Emerging Artists Create Expressions on Canvas

September 28, 2021



Daniel Lampa

Fresh works and new exhibits show how emerging artists turn difficult experiences into creative expressions and invite others towards a more hopeful vision of the future. Allan Balisi, Is Jumalon, Jay Torres, Jel Suarez, Nice Buenaventura, Patricia Perez Eustaquio, and Ryan Villamael discuss the impact of the pandemic on their creative process, the role of art in society, and the continuation of their work. Through the adroit usage of various forms of media, the artists capture a microcosm of our collective situation and draw the connections that link individuals and societies to one another and the multiplicity of the epochs of their lives. 



For Allan Balisi, making art is a social act. “We’ve all felt isolated at some point or another,” he says. “Art is a means of involvement in society. I’m inspired by the courage of my artist friends, and their engagement in outright and everyday acts of resistance.”

Emerging artist's work
“Urgency of Making Kin”
oil on canvas, 60×60 inches, 2021


The potential of art to heal and uplift the spirit inspires Is Jumalon. “The news about the pandemic continues to overwhelm us,” she laments. “The world desperately needs even the slightest bit of empathy. I think art can give us that.” Jumalon finds value in the small, everyday occurrences that enrich our lives, as well as the larger strides that are made towards improvement. 

Emerging artist's work
“Found Empire 1&2”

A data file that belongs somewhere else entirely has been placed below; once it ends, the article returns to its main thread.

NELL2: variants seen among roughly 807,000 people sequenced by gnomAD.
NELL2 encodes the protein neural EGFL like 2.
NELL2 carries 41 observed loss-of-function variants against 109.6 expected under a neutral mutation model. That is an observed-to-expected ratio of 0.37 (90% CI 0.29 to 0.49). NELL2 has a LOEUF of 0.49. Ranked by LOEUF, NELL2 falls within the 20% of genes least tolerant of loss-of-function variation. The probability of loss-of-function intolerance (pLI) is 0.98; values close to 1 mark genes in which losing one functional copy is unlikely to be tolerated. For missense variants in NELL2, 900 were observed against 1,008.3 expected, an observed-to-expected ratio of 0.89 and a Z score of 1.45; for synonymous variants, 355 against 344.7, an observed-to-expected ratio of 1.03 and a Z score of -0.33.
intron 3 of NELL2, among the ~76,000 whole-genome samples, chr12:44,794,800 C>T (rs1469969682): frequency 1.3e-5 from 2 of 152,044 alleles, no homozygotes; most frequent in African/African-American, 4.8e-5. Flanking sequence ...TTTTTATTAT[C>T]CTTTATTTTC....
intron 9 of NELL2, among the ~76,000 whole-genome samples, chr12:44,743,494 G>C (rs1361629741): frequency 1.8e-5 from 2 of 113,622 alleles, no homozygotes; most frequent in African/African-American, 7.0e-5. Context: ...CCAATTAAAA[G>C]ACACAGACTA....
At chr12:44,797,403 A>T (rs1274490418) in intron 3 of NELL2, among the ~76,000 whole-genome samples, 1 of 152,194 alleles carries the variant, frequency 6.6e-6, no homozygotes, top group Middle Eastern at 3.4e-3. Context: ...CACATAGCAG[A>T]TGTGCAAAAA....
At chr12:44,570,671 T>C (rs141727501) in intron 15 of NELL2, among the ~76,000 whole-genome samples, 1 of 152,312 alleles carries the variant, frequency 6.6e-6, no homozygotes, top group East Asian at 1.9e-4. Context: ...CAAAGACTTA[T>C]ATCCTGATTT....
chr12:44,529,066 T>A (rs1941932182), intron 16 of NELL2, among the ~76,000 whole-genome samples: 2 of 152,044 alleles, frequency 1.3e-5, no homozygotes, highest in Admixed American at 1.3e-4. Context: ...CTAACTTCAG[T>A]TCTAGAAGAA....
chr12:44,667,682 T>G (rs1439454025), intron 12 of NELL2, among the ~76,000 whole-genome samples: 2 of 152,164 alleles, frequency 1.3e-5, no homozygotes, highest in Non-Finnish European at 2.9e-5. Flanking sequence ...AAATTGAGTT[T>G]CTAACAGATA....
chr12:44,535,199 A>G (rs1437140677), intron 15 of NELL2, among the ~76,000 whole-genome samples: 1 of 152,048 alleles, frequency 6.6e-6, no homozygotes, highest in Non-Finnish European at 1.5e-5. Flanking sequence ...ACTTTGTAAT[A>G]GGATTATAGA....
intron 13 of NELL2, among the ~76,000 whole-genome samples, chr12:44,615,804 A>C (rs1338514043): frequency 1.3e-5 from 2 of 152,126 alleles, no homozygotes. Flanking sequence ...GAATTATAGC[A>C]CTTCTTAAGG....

4×7 ft each, (diptych), Soft pastel and charcoal on paper


Jay Torres aims to illuminate human experience through his art. His works serve to facilitate his own self-discovery and encourage the viewer to similarly look inwards. His solo show in Art Underground last March, titled “(un)occupied”, frames the concepts of absence and presence within the context of the lockdown.

Emerging artist's work
“Revisiting an Old Friend — Trauma”
mixed media, 36 x 48 inches


Throughout the lockdown, Jel Suarez maintained a prolific presence in the art world. At the time, she was based in Green Papaya Art Projects, which provides a platform for emerging artists. Her work was especially urgent, given that much of her time was preoccupied with restoring damaged materials after a fire ravaged their Kamuning space in the height of the pandemic. 

“Reading the Mountains”
Assemblage with tsuitate, artist’s book, and found stone, 41 x 35.75 inches, 2020
Photo by Touki Roldan


An eclectic twist characterizes Nice Buenaventura’s creations during the lockdown. She was dedicated to accomplishing her postgraduate studies in media and arts, and much of her work was used to accompany her dissertation. “Necessity inspired me to keep working during the lockdown. I like seeing commitments through,” she says firmly. “I think that art, during times of crisis, articulates difficulties and challenges into a cathartic form.”

“‘Thrashing Palm” and “Hum, as a Verb”, Installation view, 2020


Eustqauio notes how art can provide a means of escape from confinement. “People are always on their screens these days, looking at pictures, watching films, and all kinds of art. It provides ways of looking at things that allow people to think outside the box, and find creative connections and solutions to whatever they’re thinking about.”

“Endless Summer”
approximately 161 x 105 x 64 cm, various textiles, 2020


Villamael mulls over the effect of the pandemic on his productivity and creativity. “I think this time only proved how important art is in our lives, whether as an escape from our troubles or an articulation of them,” he says. “At one point, at the most intense moment of the lockdown, I was making a plate a day. It became my routine and it helped give my days some structure.” 

“Vista”, watercolor
Photo by Joseph Pascual

For more about these emerging artists, including information on upcoming exhibits, click on the link to BluPrint’s latest e-mag issue.

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